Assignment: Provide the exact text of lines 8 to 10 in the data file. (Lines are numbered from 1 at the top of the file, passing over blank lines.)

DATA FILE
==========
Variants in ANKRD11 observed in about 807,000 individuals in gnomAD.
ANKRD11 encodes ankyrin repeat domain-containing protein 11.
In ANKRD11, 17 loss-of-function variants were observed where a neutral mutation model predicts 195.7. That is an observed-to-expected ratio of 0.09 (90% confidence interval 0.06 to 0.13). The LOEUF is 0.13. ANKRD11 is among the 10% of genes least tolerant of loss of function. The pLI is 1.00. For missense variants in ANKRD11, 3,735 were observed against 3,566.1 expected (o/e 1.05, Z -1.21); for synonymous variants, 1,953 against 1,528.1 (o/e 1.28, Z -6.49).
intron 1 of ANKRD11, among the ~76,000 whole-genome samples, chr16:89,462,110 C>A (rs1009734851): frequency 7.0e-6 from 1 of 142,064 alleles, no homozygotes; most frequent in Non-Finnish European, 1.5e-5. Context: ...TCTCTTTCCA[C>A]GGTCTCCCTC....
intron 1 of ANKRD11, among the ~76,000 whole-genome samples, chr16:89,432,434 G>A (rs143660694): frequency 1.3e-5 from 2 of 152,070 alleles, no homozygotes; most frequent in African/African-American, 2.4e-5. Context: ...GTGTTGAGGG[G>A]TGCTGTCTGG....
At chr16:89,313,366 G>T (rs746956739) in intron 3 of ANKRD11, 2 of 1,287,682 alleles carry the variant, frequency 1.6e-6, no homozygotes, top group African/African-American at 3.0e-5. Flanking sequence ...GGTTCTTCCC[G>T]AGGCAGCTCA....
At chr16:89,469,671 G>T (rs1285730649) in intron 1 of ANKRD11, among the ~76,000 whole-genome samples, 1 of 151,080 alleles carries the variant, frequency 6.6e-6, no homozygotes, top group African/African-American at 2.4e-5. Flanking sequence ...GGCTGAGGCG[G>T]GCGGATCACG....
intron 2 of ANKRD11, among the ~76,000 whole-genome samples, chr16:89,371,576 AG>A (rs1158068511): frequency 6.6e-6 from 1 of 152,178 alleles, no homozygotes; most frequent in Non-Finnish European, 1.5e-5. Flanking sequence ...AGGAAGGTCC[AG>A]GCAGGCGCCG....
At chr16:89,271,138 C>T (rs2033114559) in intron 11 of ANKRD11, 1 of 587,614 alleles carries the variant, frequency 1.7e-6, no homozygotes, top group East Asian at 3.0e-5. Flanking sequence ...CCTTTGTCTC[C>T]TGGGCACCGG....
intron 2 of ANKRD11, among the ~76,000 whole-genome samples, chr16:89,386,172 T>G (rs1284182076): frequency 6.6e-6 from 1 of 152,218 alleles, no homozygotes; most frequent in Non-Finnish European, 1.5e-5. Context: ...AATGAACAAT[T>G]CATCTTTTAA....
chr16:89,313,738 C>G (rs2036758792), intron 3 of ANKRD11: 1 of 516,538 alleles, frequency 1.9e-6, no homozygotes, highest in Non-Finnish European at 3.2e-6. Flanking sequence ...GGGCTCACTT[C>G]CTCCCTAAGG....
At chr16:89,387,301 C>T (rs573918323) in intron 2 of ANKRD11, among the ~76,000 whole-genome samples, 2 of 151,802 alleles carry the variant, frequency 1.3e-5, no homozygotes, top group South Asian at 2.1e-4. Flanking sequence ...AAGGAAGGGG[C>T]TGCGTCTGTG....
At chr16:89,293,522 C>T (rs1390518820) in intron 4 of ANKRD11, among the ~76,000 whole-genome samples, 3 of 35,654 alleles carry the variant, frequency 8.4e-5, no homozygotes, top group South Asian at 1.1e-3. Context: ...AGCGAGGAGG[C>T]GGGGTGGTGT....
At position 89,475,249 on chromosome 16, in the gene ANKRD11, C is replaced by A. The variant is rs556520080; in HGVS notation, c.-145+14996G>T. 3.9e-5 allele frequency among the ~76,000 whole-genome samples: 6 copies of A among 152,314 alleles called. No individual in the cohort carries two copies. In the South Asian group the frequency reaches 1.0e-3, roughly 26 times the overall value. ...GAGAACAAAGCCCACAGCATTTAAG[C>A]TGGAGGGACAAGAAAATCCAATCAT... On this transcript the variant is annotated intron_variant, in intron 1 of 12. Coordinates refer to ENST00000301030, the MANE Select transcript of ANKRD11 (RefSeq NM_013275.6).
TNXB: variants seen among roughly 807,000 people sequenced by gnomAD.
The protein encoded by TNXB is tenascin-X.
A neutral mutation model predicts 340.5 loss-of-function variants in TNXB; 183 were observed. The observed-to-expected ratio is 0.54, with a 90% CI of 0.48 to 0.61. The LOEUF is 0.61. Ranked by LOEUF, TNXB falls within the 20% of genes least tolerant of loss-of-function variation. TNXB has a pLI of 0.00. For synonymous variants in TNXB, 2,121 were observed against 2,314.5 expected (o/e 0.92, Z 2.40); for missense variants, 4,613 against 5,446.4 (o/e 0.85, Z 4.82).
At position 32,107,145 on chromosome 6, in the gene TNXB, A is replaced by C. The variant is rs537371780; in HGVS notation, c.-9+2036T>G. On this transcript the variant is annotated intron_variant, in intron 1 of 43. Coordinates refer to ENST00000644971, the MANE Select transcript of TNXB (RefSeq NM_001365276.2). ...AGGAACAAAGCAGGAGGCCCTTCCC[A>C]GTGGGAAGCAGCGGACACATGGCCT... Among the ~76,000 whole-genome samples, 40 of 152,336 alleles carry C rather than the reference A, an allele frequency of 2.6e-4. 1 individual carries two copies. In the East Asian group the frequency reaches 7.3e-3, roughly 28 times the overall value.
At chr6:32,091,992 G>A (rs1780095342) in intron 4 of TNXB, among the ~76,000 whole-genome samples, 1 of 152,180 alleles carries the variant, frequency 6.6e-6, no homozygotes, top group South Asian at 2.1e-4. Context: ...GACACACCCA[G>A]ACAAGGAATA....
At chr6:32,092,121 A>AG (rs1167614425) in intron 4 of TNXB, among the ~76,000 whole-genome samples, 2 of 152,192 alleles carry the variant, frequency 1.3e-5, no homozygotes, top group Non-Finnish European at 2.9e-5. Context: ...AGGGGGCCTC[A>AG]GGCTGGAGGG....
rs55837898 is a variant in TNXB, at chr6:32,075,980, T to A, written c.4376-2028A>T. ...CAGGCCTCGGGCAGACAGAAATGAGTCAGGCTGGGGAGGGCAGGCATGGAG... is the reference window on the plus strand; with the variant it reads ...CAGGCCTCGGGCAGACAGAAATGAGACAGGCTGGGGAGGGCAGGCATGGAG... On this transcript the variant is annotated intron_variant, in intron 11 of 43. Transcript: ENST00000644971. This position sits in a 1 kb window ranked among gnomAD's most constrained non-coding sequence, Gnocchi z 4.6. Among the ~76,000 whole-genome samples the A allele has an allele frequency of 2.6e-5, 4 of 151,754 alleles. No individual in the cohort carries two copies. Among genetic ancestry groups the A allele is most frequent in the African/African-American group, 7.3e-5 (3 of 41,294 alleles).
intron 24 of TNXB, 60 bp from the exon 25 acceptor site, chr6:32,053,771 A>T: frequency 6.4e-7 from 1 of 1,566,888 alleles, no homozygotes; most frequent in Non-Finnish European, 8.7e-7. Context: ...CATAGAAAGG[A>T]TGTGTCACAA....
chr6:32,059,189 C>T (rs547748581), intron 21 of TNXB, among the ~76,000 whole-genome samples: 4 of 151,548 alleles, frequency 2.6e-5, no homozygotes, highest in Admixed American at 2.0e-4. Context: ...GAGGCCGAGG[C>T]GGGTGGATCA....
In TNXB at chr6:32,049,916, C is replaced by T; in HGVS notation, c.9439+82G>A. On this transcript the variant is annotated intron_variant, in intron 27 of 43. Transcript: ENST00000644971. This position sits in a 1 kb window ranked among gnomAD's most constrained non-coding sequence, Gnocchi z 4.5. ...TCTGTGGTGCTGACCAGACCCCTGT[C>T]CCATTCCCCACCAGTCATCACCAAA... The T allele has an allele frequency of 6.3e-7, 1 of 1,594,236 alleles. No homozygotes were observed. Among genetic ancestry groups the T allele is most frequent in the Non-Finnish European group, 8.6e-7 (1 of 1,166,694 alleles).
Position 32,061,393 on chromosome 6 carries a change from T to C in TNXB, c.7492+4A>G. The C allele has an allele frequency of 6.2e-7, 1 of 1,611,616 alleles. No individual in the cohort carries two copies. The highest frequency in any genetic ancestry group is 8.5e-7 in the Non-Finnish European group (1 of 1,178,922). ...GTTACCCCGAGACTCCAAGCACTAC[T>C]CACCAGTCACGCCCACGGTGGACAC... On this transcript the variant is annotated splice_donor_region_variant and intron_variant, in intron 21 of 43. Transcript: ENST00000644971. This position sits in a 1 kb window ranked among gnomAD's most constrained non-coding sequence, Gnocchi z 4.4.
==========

intron 2 of ANKRD11, among the ~76,000 whole-genome samples, chr16:89,371,576 AG>A (rs1158068511): frequency 6.6e-6 from 1 of 152,178 alleles, no homozygotes; most frequent in Non-Finnish European, 1.5e-5. Flanking sequence ...AGGAAGGTCC[AG>A]GCAGGCGCCG....
At chr16:89,271,138 C>T (rs2033114559) in intron 11 of ANKRD11, 1 of 587,614 alleles carries the variant, frequency 1.7e-6, no homozygotes, top group East Asian at 3.0e-5. Flanking sequence ...CCTTTGTCTC[C>T]TGGGCACCGG....
intron 2 of ANKRD11, among the ~76,000 whole-genome samples, chr16:89,386,172 T>G (rs1284182076): frequency 6.6e-6 from 1 of 152,218 alleles, no homozygotes; most frequent in Non-Finnish European, 1.5e-5. Context: ...AATGAACAAT[T>G]CATCTTTTAA....